A lot of people raised an eyebrow at my choice of talk talk. I'm a techie.. and they're very... con sumer, no? Well.. to be honest, it was them or Sky! I already have a relationship with both companies for TV and phone, and my experience of talk talk for phone over the last ~5 years has been good. I know that may put me in a minority, but it has been. I had a mixed bag when I rang to order my new service - UK call centre, answered quickly... but I needed to give far too many details and was treated a bit like a new customer. Overall, a wash on customer service there.

Anyway - that's enough warbling.. what prompted me to post? Oh yeah. In the modem box there's a leaflet. This leaflet gives you a choice - you can use the enclosed CD to configure your new modem.. or get this - you can follow the manual, and here's your username and passowrd. Crack on. This is new to me. As techie-in-residence for family and friends, and as a long-time Smoothwallite I have set up more DSL connections than most BT engineers, and one of my pet hates is the unwavering adherence to "Put the CD in and follow the prompts". This sort of thing naturally gets my back up - a kind of presumption of moronicity, if you will. On top of that, I am a Linux user, and of course user of vaguely unusual firewalls, sometimes "Put in the CD and press buttons" just won't answer the brief.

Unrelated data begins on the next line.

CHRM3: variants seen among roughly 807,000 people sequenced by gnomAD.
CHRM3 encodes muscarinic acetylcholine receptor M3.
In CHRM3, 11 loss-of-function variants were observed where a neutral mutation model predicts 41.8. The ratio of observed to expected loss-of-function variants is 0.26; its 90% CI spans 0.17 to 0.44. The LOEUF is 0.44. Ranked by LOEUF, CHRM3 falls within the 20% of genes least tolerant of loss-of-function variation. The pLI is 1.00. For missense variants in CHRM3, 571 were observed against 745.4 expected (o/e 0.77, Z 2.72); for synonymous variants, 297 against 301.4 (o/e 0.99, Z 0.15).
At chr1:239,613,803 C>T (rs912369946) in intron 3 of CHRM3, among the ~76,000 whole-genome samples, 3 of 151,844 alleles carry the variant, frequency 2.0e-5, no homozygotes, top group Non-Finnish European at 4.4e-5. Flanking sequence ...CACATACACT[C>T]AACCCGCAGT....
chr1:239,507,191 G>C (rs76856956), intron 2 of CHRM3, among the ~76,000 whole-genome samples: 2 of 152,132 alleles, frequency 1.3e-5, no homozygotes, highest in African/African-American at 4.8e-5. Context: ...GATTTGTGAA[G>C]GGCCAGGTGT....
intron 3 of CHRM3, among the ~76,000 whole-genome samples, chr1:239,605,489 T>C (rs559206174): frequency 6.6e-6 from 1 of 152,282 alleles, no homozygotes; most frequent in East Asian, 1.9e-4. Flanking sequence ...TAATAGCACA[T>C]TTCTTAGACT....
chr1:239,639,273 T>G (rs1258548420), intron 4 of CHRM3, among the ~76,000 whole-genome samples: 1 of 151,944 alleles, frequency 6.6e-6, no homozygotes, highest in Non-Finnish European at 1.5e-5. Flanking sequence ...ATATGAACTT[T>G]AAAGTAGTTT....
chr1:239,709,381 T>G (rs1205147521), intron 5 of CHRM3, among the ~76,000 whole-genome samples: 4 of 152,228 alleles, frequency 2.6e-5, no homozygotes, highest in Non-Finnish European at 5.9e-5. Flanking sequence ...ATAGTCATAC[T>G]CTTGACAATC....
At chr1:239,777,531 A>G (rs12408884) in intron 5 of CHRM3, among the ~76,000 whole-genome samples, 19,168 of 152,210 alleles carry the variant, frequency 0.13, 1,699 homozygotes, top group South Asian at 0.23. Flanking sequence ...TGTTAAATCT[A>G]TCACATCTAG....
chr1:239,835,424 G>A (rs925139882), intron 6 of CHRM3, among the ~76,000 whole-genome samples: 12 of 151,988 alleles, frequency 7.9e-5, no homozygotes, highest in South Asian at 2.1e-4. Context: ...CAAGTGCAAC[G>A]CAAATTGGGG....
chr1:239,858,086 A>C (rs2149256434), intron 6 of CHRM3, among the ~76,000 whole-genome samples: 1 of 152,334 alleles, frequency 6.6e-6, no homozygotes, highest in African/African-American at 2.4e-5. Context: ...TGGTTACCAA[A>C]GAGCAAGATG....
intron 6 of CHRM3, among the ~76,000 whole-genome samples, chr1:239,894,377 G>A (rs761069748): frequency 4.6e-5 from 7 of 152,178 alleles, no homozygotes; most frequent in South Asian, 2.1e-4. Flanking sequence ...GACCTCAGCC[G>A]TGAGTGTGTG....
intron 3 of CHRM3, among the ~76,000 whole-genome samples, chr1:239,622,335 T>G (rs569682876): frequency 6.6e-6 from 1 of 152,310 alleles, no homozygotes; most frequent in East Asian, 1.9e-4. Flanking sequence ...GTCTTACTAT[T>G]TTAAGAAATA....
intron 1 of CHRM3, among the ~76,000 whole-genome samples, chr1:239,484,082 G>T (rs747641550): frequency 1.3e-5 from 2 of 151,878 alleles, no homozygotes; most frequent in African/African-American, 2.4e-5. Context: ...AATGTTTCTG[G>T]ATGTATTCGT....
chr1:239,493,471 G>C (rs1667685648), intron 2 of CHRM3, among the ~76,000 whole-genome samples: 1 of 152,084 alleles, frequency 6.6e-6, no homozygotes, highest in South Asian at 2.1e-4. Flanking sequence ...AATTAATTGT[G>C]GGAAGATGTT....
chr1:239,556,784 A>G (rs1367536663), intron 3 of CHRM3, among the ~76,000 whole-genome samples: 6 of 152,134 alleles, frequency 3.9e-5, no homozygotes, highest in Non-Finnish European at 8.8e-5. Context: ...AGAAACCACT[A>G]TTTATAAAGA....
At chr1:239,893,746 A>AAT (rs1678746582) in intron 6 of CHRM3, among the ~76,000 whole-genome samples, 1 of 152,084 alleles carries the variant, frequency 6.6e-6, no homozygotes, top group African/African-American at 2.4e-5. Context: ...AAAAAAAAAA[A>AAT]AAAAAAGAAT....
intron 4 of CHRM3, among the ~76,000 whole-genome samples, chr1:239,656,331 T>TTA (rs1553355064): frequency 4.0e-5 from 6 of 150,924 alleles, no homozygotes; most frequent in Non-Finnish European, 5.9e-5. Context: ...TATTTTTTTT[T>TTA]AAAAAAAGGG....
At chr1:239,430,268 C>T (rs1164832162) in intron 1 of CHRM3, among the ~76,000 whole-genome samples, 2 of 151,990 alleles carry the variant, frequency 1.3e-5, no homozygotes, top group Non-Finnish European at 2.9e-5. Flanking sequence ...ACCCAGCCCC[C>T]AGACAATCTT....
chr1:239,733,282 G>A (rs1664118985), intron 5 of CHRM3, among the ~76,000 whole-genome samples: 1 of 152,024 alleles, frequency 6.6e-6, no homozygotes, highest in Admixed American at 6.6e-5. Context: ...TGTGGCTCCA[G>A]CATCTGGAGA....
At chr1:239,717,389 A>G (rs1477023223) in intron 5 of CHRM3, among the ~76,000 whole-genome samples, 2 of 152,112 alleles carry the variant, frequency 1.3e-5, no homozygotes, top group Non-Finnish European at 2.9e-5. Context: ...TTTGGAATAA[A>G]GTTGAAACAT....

So - big props to Talk Talk - you didn't treat me like an idiot, and come go-live day, your little modem might well just chill on the shelf whilst I use the information you chaps handily provide to configure my trusty-but-sadly-discontinued linksys am200.

Thursday, February 3, 2011

Farewell Peter

It is with some sadness that we learn this week of the resignation of Peter Robbins OBE, Chief Executive of the Internet Watch Foundation. On Wednesday Eve Salomon, Chair of the IWF Board, announced that Robbins had tendered his resignation, effective July this year.

Robbins tenure at the IWF began in 2002 and it was with great pleasure that we at Smoothwall worked with he and his colleagues. Having met personally, I can say that he is true gentleman and clearly possesses a great understanding of technical and political nuance of work the IWF are involved in.

Media coverage of Robbin’s resignation reached The Register today and we were pleased to see kind commentary from Jane Fae Ozimek.
An interesting aside is Ozimek’s comment on the quantity of items in the IWF’s URL list. I believe that the supposedly “low” headline figure is a indication of the IWF’s success in their ‘Notice and Takedown’ role of tackling Child Abuse content at source, rather than a suggestion that the IWFs work may soon be complete*. Additionally, it is worth pointing out that unlike most URL lists, IWF’s list has a high degree of entropy, reflecting the rapidly changing hosts of abuse images - further testament of course to the takedown efforts of the IWF and other international Hotlines.

On that note we wish Peter every success in future, as Smoothwall continues to work with the IWF throughout 2011.

* - The IWF’s Annual Report for 2010 is due out later in the year. This yearly publication is an illuminating read and a great reminder of why we continue to support the IWF.